The incredible journey
One lucky Montreal family finally got their dog back last week after an amazing, year-long adventure that took the pup 4,500 km across the country. Pollux, a black Lab cross who escaped from her east-end Montreal home last June, turned up in Kamloops, B.C., where, last week, the SPCA found a microchip implant registered to her vet. No one is sure how exactly Pollux travelled so far, but her owner, Isabelle Robitaille, thinks she might have jumped on a train to avoid the rain, since she’s scared of water. Robitaille let her kids, who cried themselves to sleep when she disappeared, stay up way past bedtime to welcome their beloved pooch home at the airport, where she was greeted with squeals. “For them, it’s a second Christmas,” Robitaille told the Montreal Gazette. “My son spent 45 minutes just petting her. He was so happy.”
A long road to another struggle
Just two nights after tossing the ball that led to the accidental death of firefighter Shannon Stone, Texas Rangers left-fielder Josh Hamilton hit a game-winning, two-run homer against the Oakland A’s. Hamilton, who was said to be “very distraught” after the tragedy, rounded the bases with his head down only to be mobbed by his teammates at home plate as the home crowd hollered in support. After the game, Hamilton told reporters that his thoughts were with Stone’s family. The 39-year-old firefighter was at a Rangers game with his six-year-old son when Hamilton threw him a foul ball. The toss was short, and Stone fell to his death after leaning over the railing to catch it. This isn’t the first time Hamilton has faced adversity. Struggles with heroin and alcohol almost cost the all-star his career. What helps him get through it all? He’s a born-again Christian, and after Stone’s death, Hamilton stayed up all night talking with his wife, Katie.
A fitting tribute?
Admittedly, the rusting, run-down gazebo in downtown Montreal isn’t much to look at. So it’s no surprise the decision to rename the spray-painted, hobo hangout in honour of Mordecai Richler has drawn fire, both inside the city and out. Montreal, which announced the plan on the 10th anniversary of the death of the literary giant this week, intends to refurbish the dilapidated structure. And Florence, his widow, believes he would have been “delighted” by it—graffiti and all. It is “critical,” she explained this week, at a ceremony at City Hall, “and that was his nature.” Once refurbished, she added, “it will be splendid. I’m very pleased.”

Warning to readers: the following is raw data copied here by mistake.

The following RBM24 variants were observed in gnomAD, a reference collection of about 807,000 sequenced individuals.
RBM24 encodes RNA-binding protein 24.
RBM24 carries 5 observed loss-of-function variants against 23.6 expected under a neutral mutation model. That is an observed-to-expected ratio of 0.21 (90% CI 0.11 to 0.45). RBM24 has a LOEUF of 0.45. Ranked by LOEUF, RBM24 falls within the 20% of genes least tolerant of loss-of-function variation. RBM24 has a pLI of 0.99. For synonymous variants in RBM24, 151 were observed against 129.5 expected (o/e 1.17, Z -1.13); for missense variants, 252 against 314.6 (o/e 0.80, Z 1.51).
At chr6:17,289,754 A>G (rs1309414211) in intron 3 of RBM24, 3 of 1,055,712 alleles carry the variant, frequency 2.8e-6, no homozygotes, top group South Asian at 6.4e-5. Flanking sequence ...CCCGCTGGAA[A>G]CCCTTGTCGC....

No Bieber fever?
“Who knew 12-year-olds didn’t buy magazines?” a Vanity Fair rep opined after the publication’s lipstick-smeared Justin Bieber cover tanked on newsstands. The issue, the magazine admitted this week, is one of its three worst sellers since 1992. It did as bad, in fact, as Will Smith’s 1999 Wild Wild West cover. Smith was pictured atop a black stallion promoting the film.
Will the capo go?
This, even for Silvio Berlusconi, proved too much. Italy’s billionaire prime minister mused publicly about retirement last week, after being forced to withdraw a proposed law aimed at saving his media company hundreds of millions of euros in legal penalties. Already under fire for his alleged “bunga bunga” sex parties, Berlusconi sparked outrage when he was caught slipping the provision into an otherwise austere budget bill. Coalition partners and even cabinet members told the Italian press they had no idea the law, which would have pushed back a bribery judgment against Berlusconi’s company by years or even decades, was coming. Berlusconi, who eventually withdrew the proposal, announced he would not seek re-election in 2013. More worrying for the country, however, is the future of its finance minister. Giulio Tremonti, who is widely credited with keeping Italy afloat during the euro debt crisis, has few allies inside government, and could soon be on the outs. With Italy’s public debt inching toward 120 per cent of GDP, the loss of the steady-handed fiscal whiz would be serious indeed.
Putin in minor key
As the old saying goes, it’s hard out there for a classical musician—especially, it seems, in Vladimir Putin’s Russia. Mikhail Arkadyev was, until recently, the conductor of Vladivostok’s Pacific Symphony Orchestra. Last week, however, he was unexpectedly informed his annual contract would not be renewed, due, he believes, to comments he made about Prime Minister Putin’s new political movement. The All-Russian People’s Front has been signing up members at a suspicious clip since Putin founded it earlier this year. But when the conductors’ union joined the burgeoning group without consulting its members, Arkadyev spoke out, calling the movement “odious and baneful” in an open letter. Soon after, he was out of a job.